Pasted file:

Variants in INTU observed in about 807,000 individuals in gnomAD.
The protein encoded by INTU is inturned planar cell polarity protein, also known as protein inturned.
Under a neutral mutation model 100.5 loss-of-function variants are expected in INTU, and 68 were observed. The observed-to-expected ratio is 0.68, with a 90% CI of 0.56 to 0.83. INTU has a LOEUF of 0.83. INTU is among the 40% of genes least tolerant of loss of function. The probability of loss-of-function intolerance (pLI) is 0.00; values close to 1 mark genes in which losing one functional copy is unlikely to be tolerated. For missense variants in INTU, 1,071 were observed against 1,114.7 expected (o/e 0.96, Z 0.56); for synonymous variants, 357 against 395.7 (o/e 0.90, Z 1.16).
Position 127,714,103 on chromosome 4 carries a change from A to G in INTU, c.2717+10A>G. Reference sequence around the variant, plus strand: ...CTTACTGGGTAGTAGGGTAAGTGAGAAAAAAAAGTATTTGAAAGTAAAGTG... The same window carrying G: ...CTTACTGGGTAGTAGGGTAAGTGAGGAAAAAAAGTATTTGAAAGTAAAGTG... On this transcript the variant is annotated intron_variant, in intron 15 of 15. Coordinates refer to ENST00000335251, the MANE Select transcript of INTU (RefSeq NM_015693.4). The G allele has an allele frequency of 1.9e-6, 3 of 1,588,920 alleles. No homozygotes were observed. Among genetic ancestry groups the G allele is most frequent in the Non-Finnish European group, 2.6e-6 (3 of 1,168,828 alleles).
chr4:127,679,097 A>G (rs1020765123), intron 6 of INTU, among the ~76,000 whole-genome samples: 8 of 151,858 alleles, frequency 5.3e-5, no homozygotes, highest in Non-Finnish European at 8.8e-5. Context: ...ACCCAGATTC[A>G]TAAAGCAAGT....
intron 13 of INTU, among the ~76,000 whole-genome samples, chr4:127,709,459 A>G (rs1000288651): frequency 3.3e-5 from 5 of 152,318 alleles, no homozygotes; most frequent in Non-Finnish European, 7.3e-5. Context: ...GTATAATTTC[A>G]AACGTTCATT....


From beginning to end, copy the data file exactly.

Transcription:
Variants in INTU observed in about 807,000 individuals in gnomAD.
The protein encoded by INTU is inturned planar cell polarity protein, also known as protein inturned.
Under a neutral mutation model 100.5 loss-of-function variants are expected in INTU, and 68 were observed. The observed-to-expected ratio is 0.68, with a 90% CI of 0.56 to 0.83. INTU has a LOEUF of 0.83. INTU is among the 40% of genes least tolerant of loss of function. The probability of loss-of-function intolerance (pLI) is 0.00; values close to 1 mark genes in which losing one functional copy is unlikely to be tolerated. For missense variants in INTU, 1,071 were observed against 1,114.7 expected (o/e 0.96, Z 0.56); for synonymous variants, 357 against 395.7 (o/e 0.90, Z 1.16).
Position 127,714,103 on chromosome 4 carries a change from A to G in INTU, c.2717+10A>G. Reference sequence around the variant, plus strand: ...CTTACTGGGTAGTAGGGTAAGTGAGAAAAAAAAGTATTTGAAAGTAAAGTG... The same window carrying G: ...CTTACTGGGTAGTAGGGTAAGTGAGGAAAAAAAGTATTTGAAAGTAAAGTG... On this transcript the variant is annotated intron_variant, in intron 15 of 15. Coordinates refer to ENST00000335251, the MANE Select transcript of INTU (RefSeq NM_015693.4). The G allele has an allele frequency of 1.9e-6, 3 of 1,588,920 alleles. No homozygotes were observed. Among genetic ancestry groups the G allele is most frequent in the Non-Finnish European group, 2.6e-6 (3 of 1,168,828 alleles).
chr4:127,679,097 A>G (rs1020765123), intron 6 of INTU, among the ~76,000 whole-genome samples: 8 of 151,858 alleles, frequency 5.3e-5, no homozygotes, highest in Non-Finnish European at 8.8e-5. Context: ...ACCCAGATTC[A>G]TAAAGCAAGT....
intron 13 of INTU, among the ~76,000 whole-genome samples, chr4:127,709,459 A>G (rs1000288651): frequency 3.3e-5 from 5 of 152,318 alleles, no homozygotes; most frequent in Non-Finnish European, 7.3e-5. Context: ...GTATAATTTC[A>G]AACGTTCATT....